Follow the guide here *Again for 18.04 but nothing has changed here.

Install and Configure WriteFreely

Now we will go over the installation and configuration of the WriteFreely application itself. This includes setting up our database and NGINX configuration.


Download and install the latest version of WriteFreely from here.

Then follow the production guide.

During writefreely --config you need to chose the following, most are default: * Server setup: * Production, behind reverse proxy * Local port: 8080 * Database setup: * MySQL * Username: pick a mysql username * Password: pick a mysql password * Host: localhost * Port: 3360 * App Setup: * Multi-user instance * Instance name: chose an instance name * Public URL: enter a public domain you own * Registration: you pick * Max blogs per user: you pick * Federation: enabled * Federation usage stats privacy: public * Metadata privacy: public

You can just copy the NGINX config from that guide and use it to replace the contents of your /etc/nginx/sites-available/default. Make sure to edit the parts in bold.

Do the same for the systemd service making necessary changes.

Let's Encrypt

Before starting this, make sure to update your domain's DNS settings to point at the new server, unfortunately outside the scope of this guide.

Now add the certbot ppa:

$ apt-add-repository ppa:/certbot/certbot

Press enter to confirm when prompted. Then update the cache and install cerbot with it's dependencies:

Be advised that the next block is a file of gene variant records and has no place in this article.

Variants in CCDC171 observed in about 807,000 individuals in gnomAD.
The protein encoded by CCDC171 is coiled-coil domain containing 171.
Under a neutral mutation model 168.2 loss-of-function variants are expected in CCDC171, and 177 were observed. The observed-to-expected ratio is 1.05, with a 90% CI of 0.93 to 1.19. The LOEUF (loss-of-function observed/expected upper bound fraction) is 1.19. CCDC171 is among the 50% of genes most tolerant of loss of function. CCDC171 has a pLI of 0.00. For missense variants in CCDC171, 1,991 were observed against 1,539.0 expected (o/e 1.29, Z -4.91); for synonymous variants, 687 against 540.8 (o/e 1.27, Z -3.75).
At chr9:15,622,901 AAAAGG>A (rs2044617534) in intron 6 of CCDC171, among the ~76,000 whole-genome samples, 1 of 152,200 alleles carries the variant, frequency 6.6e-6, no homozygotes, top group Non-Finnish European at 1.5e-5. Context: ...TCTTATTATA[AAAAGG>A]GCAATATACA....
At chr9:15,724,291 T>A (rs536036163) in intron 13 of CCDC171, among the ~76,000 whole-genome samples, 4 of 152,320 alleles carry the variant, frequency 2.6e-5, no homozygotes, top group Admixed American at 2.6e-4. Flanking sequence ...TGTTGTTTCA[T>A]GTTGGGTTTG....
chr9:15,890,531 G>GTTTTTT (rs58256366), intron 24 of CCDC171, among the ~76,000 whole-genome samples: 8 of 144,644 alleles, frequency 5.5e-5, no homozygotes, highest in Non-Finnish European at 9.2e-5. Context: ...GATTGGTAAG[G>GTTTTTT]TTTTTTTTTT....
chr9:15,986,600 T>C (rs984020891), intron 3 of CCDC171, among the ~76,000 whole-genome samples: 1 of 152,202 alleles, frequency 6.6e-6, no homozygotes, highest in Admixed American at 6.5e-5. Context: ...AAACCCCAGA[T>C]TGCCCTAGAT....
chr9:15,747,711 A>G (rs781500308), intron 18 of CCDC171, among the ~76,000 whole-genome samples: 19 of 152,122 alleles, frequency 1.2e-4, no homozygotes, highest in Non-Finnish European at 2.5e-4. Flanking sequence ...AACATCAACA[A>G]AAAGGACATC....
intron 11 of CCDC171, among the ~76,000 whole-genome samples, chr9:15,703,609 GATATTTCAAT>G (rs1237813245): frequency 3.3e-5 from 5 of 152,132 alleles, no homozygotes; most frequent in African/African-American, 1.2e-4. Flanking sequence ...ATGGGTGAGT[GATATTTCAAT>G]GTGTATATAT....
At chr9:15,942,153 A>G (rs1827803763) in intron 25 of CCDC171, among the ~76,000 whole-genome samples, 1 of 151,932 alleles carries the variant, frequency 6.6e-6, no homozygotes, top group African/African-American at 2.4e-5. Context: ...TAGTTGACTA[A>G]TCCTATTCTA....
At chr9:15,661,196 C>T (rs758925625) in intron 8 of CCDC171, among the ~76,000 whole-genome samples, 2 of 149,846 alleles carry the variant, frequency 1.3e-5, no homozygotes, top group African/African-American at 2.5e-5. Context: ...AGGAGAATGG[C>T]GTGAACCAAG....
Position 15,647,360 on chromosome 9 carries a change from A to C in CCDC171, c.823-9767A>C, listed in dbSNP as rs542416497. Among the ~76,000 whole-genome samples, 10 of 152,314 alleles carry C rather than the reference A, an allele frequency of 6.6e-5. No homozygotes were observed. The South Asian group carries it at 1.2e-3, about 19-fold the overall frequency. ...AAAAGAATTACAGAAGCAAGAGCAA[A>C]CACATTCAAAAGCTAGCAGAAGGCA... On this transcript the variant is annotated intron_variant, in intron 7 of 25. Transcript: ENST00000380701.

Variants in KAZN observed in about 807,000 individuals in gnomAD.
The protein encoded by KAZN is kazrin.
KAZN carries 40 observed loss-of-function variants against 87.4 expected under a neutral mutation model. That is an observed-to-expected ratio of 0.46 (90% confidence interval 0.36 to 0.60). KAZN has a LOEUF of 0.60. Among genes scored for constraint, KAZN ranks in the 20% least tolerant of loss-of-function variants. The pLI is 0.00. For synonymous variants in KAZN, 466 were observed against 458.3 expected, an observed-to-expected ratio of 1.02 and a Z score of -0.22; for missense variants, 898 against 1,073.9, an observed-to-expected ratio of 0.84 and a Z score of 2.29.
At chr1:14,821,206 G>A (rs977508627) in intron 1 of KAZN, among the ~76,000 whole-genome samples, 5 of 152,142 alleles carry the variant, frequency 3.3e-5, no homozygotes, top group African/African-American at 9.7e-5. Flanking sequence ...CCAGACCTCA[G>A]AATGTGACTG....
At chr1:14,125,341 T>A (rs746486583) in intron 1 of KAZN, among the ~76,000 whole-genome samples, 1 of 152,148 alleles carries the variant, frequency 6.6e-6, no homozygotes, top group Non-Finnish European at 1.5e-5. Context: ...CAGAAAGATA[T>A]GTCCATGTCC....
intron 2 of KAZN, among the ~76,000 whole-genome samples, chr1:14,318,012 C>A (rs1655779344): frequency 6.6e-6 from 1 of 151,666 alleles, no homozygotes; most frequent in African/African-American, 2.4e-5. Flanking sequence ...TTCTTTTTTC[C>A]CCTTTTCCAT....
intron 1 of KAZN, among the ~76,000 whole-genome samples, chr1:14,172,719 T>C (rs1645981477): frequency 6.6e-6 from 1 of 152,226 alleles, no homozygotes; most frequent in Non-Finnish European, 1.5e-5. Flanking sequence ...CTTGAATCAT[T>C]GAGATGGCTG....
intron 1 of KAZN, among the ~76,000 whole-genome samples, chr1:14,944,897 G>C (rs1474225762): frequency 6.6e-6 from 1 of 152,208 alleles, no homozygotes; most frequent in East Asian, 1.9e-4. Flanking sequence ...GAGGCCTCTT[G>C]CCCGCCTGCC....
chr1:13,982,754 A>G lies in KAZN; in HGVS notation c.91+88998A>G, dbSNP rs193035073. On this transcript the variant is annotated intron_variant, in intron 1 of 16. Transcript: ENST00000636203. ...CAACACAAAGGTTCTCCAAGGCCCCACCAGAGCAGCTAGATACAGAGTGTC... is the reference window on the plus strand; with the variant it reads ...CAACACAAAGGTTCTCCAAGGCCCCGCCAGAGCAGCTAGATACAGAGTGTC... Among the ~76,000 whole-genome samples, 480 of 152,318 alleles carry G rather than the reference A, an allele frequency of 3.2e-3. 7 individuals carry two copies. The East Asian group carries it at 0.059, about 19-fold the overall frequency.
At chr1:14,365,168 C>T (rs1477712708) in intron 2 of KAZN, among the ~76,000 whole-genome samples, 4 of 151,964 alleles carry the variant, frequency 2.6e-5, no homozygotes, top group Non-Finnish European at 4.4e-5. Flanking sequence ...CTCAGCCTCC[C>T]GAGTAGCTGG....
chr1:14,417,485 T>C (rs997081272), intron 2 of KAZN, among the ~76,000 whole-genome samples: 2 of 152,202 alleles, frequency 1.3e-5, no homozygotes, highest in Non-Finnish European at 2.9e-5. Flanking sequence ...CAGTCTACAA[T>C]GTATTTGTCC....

$ apt update
$ apt install certbot python-certbot-nginx

Then have certbot setup and provision some certificates for you. Follow the prompts provided.

$ certbot --nginx

That's it for certificates. The email entered during this step will be notified when expiry is getting close. It should take care of that automatically with a cron job though, to test if it's working run certbot renew --dry-run.

First Run

On the first run, the user you sign up with becomes the admin. Then you can adjust some of the settings from within the admin panel.



Coming soon. I promise, as soon as I figure it out.

Storage Off-Site

I use a home server that is not exposed to the internet to sync backups from my cloud VPS. It's just a cron job and a simple script that runs rsync. The home server has it's own ssh key for authentication.

Say what?

Yes, I'm currently working on support for not only instances other that but multiple authenticated users at one time.

This would mean you can stay logged in on, your personal instance and any other number. A default host and user will be supported in config, as well as a default user for each host. You can also pass a host and or user during command execution to determine which account and instance to operate on.

This is all for now, this message was written using the WIP wf binary.

I started strong and forgot my password for this development instance.

Turns out it's quite simple, if your the admin or someone with access to the server.

There is a command line flag for resetting a user password. --reset-pass

The full command would be writefreely -c <path to config file> --reset-pass <user to reset>. You are then prompted for the new password, the password is not confirmed at this time so type carefully or copy paste.

Happy writing.

As this is a development instance, intended to test features and fixes, I am going to run it as a single user.

To do the same you need to edit you config.ini file:

single_user = true

I intend to host another instance under one of my domains for myself and family to use. Stay tuned.